Psalm 23:3b-4

Great Commission Church
Psalm 23:3b-4
Intro: The most famous chapter in the Bible outlines for Christians the reasons we lack nothing when God is our Shepherd. In the first part of the Psalm, those reasons were – He Settles Me Down, He Refreshes Me, He Brings Me Back…Today’s text adds two more.

Psalm 23:3b He leads me in the paths of righteousness for His name’s sake.
Psalm 23:4 Yea, though I walk through the valley of the shadow of death, I will fear no evil; for You are with me; Your rod and Your staff, they comfort me.


“He leads me in the paths of righteousness”

What David clearly assumes is that while he was a wandering sheep, straying in the pathways of unrighteousness, the shepherd brings him back to the right paths, leading him again. “paths of righteousness” = “right tracks” (lit. wagon tracks)

The open wilderness of Israel often exhibits a maze of faint trails worn by numerous flocks of sheep.

Only the shepherd knows which of them leads out of the valley. Many of the subsidiary trails abruptly terminate in some dead end or at the edge of a cliff.

Because he loves the sheep, the shepherd is cautious about the pathways he chooses. He would do anything to prevent attacks from predators or accidents along the way. 

He must maintain his reputation as a competent, trustworthy shepherd. If he lost the sheep or could not find the way home in a timely manner, he would gain a poor reputation. He acts out of his own integrity, which he will not violate.

“for His name’s sake”

He is a good shepherd, and a good shepherd does not lose sheep.

John 6:39 NIV And this is the will of him who sent me, that I shall lose none of all those he has given me, but raise them up at the last day.

God is for God.

Ezekiel 36:22 “Therefore say to the house of Israel, ‘Thus says the Lord GOD: “I do not do this for your sake, O house of Israel, but for My holy name’s sake, which you have profaned among the nations wherever you went.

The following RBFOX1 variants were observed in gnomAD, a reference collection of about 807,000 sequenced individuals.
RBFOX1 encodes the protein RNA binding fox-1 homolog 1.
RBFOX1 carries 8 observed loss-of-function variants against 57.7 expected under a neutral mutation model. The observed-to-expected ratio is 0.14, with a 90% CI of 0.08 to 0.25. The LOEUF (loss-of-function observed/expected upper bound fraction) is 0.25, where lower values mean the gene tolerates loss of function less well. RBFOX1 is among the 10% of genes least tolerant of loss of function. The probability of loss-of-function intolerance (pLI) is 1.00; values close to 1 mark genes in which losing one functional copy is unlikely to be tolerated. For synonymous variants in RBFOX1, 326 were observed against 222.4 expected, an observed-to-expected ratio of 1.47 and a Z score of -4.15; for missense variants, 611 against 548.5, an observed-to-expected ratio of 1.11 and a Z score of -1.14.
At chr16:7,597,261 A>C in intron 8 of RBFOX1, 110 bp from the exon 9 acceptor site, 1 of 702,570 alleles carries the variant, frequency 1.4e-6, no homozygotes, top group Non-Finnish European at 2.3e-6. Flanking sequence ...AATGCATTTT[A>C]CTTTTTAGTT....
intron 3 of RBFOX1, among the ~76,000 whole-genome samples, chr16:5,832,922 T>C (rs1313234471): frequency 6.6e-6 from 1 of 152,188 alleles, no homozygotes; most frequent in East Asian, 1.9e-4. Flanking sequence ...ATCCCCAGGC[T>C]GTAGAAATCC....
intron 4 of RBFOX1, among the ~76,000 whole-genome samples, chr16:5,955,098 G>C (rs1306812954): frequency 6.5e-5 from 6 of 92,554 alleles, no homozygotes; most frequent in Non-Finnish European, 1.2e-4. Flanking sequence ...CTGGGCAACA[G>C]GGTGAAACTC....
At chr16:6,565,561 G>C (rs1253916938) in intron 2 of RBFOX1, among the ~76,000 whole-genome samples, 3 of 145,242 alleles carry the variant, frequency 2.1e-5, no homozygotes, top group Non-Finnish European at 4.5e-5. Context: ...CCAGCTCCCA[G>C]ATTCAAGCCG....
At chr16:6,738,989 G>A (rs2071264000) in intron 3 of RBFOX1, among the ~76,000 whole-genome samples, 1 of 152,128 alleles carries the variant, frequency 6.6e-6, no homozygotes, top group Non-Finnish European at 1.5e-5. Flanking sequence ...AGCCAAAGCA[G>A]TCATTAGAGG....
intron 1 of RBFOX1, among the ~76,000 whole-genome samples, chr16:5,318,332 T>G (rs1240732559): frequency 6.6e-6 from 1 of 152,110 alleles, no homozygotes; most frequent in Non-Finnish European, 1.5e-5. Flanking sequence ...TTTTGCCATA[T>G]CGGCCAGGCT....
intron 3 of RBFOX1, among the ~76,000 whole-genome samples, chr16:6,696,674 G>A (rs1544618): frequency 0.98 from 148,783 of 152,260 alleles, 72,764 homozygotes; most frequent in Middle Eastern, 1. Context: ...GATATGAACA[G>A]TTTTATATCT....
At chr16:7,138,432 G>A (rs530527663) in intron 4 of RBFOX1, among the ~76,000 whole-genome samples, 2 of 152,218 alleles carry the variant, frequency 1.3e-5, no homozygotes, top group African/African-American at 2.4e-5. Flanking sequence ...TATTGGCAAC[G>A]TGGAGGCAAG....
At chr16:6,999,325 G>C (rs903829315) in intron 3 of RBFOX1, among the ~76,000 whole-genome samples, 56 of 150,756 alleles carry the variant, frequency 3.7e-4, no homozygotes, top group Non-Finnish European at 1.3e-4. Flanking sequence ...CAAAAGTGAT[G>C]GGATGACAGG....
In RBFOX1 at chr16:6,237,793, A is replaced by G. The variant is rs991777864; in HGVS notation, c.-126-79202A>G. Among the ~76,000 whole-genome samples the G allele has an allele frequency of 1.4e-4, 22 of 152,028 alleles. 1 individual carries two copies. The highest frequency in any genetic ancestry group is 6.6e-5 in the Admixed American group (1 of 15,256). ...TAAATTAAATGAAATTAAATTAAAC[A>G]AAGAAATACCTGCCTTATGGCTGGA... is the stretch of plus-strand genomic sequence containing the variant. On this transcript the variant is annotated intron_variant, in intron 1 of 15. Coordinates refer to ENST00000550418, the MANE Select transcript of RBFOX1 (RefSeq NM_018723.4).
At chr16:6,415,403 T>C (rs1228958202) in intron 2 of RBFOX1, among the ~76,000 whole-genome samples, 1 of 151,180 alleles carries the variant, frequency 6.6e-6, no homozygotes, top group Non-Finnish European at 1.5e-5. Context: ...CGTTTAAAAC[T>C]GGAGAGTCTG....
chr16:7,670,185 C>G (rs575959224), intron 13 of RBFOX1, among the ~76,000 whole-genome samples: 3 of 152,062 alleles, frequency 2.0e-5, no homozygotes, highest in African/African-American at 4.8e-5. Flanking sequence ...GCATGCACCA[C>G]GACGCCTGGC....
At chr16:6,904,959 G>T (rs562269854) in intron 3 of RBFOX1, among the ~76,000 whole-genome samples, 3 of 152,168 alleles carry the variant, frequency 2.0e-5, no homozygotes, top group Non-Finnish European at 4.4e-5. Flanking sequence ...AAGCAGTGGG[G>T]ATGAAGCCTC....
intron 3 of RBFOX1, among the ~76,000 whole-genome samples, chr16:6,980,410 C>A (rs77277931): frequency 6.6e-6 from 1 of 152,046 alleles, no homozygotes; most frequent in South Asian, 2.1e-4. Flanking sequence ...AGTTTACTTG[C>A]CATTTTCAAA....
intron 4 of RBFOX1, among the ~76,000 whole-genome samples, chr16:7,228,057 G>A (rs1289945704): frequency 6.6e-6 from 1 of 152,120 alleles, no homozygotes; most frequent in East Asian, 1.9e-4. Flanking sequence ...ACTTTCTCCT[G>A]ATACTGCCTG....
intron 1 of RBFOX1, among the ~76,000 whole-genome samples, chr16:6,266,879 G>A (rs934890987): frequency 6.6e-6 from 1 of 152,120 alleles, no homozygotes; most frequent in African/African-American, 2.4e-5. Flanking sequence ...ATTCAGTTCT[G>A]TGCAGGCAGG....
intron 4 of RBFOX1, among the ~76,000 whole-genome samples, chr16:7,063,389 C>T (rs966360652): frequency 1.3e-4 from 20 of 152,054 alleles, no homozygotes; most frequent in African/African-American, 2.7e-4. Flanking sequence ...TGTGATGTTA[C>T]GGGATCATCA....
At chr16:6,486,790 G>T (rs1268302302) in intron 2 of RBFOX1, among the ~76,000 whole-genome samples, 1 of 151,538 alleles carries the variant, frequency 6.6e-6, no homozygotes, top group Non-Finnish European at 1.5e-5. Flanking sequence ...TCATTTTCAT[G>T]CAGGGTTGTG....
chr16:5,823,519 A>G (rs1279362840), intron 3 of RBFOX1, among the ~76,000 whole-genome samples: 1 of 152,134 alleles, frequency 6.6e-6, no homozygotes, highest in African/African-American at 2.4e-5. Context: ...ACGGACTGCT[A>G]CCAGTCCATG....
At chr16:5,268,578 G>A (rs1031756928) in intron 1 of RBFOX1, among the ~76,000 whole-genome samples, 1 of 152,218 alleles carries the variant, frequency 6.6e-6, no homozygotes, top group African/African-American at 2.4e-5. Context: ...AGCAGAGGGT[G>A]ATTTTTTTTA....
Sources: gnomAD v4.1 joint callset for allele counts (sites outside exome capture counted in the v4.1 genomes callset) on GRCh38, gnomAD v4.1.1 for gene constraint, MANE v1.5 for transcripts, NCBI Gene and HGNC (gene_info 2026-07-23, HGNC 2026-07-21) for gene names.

Ezekiel 36:23 And I will sanctify My great name, which has been profaned among the nations, which you have profaned in their midst; and the nations shall know that I am the LORD,” says the Lord GOD, “when I am hallowed in you before their eyes. 

Archbishop Nerses of Armenia – “And why did He take such providential care? Not for any bribe, not because He needed to add me to His flock, but only for His name’s glory.”

Look upward: we cannot lack righteousness when He shed His blood for us. 
Look outward: we cannot lack supply when He gives Himself to us. 
Look forward: we cannot lack help when He is by our side. 
Look inward: we cannot lack comfort when He leaves His peace with us!

Psalm 20:1 May the LORD answer you in the day of trouble; may the name of the God of Jacob defend you.


“Yea, though I walk through the valley of the shadow of death, I will fear no evil”

What is the valley of the shadow of death? It can also be translated “the valley of deepest darkness.”
illus: In numerous places in the holy land, at the bottom of a valley, winter streams have forged long, deep crevices in the rock. One such valley is the entrance to the ancient city of Petra in southern Jordan. In 1957 a flash flood thundered without warning through the long, narrow, thirty-feet high canyon that makes up the entrance to the city. The wall of water killed nearly 50 French tourists who were walking through the pass at the time. The first responders were severely traumatized at what they witnessed and the recovery mission that followed. They pointed out where two women who were walking ahead of the group heard the screams of their friends and managed to climb up into the protection of an elevated fissure in the rocks. Seconds later they saw the crashing boulders being swept downstream along with the mangled bodies of their fellow travelers. It was indeed a “valley of death.” Jordan’s King Hussein visited the site the following day to show his solidarity with the living and his compassion for the dead.

One former Israeli shepherd confirms that there is a famous valley of the shadow of death just south of the Jerusalem-Jericho road.

It is about five miles long and remarkably narrow – it is not more than 12-feet at the widest section of its base. The actual path gets so narrow that sheep can hardly turn around in case of danger.

Travelers march slowly and silently through these valleys to avoid being seen or heard by bandits or predators. The fear of death is constantly on their minds, and they tremble as they pass through.

The valley of death/deep darkness is a section of the trail that cannot be avoided. There is no bypass. There is no magical escape.